In Kaduna Court dismisses suit challenging legality of Tax Law

Bello had argued that the enactment of the law contravened the provisions of Section 4 (2) and (7), paragraph (b) of the 1999 constitution as amended with respect to collection of taxes.

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Gwamnan Nasir El-rufai play

Gwamnan Nasir El-rufai

(Punch)
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A High Court in Kaduna on Friday dismissed a suit challenging the legality of the Kaduna State Tax Codification and Consolidation Law, 2016.

The judge, Justice David Wyom, held that the suit was defective.

He said name of the state, Malam Nasir El-Rufai, whom the matter affected directly, was not included in the suit.

The judge said it amount to abuse of legal process if the court had gone ahead to hear the merit of the case without listing the necessary parties in the suit.

“This court lacks the jurisdiction to entertain this suit. The suit is hereby dismissed,’’ he said.

The plaintiff, Malam Yahaya Shinko had on Jan. 12, dragged the Kaduna State Internal Revenue Service (KDIRS), its Chairman, Muhkar Ahmed and the Kaduna State House of Assembly to the court.

Shinko was the Interim Management Committee Chairman of Kaduna South Local Government Area from July 29, 2015 to Oct. 17, 2016, when he was removed over matters concerning financial management.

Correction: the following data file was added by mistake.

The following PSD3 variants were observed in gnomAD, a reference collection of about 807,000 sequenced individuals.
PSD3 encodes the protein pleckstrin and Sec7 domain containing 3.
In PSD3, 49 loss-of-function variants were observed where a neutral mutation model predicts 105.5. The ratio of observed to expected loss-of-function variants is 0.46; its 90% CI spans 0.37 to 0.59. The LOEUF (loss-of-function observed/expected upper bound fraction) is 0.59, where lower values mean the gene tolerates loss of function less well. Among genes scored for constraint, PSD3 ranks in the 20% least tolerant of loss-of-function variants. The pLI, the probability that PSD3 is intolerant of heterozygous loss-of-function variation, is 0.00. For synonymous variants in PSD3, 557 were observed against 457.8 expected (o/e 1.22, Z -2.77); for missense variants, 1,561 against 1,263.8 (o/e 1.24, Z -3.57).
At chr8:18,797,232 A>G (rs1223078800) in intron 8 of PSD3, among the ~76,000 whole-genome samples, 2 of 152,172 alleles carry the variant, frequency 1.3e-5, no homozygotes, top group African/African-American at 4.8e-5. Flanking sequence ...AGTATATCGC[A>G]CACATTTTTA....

Mr Ibrahim Bello, the plaintiff’s counsel had asked the court to declare that the Kaduna State Tax Codification and Consolidation Law, 2016, and collection of Local Government revenues, fees, taxes, rates by KADIRS as unconstitutional.

Bello had argued that the enactment of the law contravened the provisions of Section 4 (2) and (7), paragraph (b) of the 1999 constitution as amended with respect to collection of taxes.

He had asked the court to declare that the collection of N1, 000 as shop fees by FAHAN Resources Ltd. on behalf of Kaduna South Local Government in cash was valid.

The counsel had hinged his argument on the provision of the Kaduna State Local Government Administration Law, 2012 which gave local councils power to charge or collect levies and fees.

However, Mr Francis Kozah, counsel to the first and second respondents had argued that the court lacked the requisite jurisdiction to entertain the matter.

He based his argument on the grounds that some necessary parties which included the state governor were not joined in the case.

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